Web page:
Gather your thoughts. Once you’ve calmed down, rethink the situation. Come up with ways to resolve the issue and reduce your frustration. Figure out what you’re really mad about. You may realize that you’ve been spinning negative scenarios beyond the situation at hand—believing that bad things always happen. Maybe you’ve been beating yourself up over things you “should” and “should not” have done. Your anger may be masking grief and fear over the changes in your loved one’s condition. Stay in the present and analyze what just happened. It can be good to write down your feelings. As you acknowledge what’s gotten to you, the negative feelings may begin to diminish.
Empathize. “Our soul desires to be understanding, our ego is only concerned with being understood. When you are being understanding you are connected to your soul.” Take these words of spiritual empowerment teacher Michaiel Bovenes to heart. Shift your perspective by looking at the situation through your loved one’s eyes. Empathy can give you patience. Remember ways that he or she has been patient with you. Don’t forget the golden rule.
Communicate directly. Express any frustrations clearly, using “I” rather than “you” language. For example: “I am frustrated by …” rather than “You did …” or “You always do …” Be assertive but not confrontational. Listen and truly hear what your loved one has to say. Think of all the positive things you have loved about this person over the years. Look into his or her eyes and say you’re sorry if you need to. Then forgive yourself.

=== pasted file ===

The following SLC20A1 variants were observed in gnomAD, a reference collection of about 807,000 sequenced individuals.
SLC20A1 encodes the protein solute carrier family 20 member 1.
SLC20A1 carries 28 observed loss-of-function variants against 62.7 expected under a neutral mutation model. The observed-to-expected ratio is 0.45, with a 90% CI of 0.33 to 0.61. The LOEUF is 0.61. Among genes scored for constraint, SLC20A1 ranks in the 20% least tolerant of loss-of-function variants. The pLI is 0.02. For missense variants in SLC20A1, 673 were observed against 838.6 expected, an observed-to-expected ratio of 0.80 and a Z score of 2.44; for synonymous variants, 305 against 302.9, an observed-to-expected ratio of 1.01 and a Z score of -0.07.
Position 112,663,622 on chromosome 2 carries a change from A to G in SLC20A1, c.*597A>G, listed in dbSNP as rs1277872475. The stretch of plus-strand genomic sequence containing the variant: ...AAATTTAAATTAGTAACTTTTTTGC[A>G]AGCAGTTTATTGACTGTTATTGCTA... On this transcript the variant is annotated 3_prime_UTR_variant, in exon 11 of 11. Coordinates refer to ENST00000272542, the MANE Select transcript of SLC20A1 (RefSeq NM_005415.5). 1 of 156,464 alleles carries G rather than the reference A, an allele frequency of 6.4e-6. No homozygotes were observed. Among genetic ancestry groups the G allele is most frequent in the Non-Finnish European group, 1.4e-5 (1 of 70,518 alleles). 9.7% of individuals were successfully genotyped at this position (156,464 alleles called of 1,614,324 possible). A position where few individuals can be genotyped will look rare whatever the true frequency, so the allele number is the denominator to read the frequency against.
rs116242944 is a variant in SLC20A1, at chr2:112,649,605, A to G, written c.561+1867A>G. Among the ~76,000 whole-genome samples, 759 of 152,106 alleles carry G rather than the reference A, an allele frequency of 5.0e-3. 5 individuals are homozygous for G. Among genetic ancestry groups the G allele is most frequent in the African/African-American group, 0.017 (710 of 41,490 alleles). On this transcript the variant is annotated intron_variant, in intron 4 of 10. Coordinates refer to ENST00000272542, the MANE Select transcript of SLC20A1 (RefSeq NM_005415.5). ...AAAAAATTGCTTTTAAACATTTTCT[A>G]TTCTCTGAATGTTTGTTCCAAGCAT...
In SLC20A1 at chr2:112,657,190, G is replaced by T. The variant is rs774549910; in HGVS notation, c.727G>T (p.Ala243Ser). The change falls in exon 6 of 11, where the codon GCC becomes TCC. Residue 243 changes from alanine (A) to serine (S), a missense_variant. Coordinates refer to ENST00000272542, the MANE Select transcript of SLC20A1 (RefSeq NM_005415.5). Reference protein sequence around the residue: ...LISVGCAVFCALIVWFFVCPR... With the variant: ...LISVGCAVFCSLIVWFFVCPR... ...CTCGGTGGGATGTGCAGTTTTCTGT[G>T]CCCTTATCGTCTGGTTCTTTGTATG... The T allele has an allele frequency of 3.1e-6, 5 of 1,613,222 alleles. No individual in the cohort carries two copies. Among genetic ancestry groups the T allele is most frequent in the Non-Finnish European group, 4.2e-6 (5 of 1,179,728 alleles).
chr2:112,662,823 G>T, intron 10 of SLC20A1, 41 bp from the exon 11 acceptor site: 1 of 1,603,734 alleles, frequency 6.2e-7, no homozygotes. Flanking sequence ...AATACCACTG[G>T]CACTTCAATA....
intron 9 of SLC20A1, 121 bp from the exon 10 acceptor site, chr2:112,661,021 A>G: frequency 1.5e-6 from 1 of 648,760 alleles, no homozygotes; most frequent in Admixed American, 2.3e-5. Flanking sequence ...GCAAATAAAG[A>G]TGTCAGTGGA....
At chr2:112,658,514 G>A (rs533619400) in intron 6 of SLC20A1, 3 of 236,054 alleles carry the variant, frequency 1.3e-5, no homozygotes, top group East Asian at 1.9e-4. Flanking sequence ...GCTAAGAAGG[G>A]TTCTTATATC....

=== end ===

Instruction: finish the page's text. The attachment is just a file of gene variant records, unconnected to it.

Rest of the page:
Let yourself laugh. Find humor to the situation, if you can. The two of you may end up laughing together. It’s a powerful tension reliever. But avoid sarcasm.
Head off future triggers. Think in advance about things that have led you to grow impatient with your loved one. Figure out how to keep these things from happening again. One effective approach is to ask for things from your loved one rather than demand them. Decide to keep your tone positive moving forward. Work to let go of anger. Dwelling on it can engulf you in bitterness.
Accept help. Exhaustion affects mood so it’s important to incorporate routine exercise and relaxation into your life. To do this, you may need a helping hand. Family members or friends might be willing and able to step in so that you can take breaks. An in-home care aide or healthcare professional can also be a sanity savior, if you are able to hire one. These skilled workers can assist you at regular intervals, giving your loved one gentle care while you take a needed breather and refocus.
It’s important to understand that anger is sometimes warranted and can point to areas where change needs to be made. But if you feel you are expressing anger in unhealthy or out-of-control ways, seek professional help or share your feelings with a support group.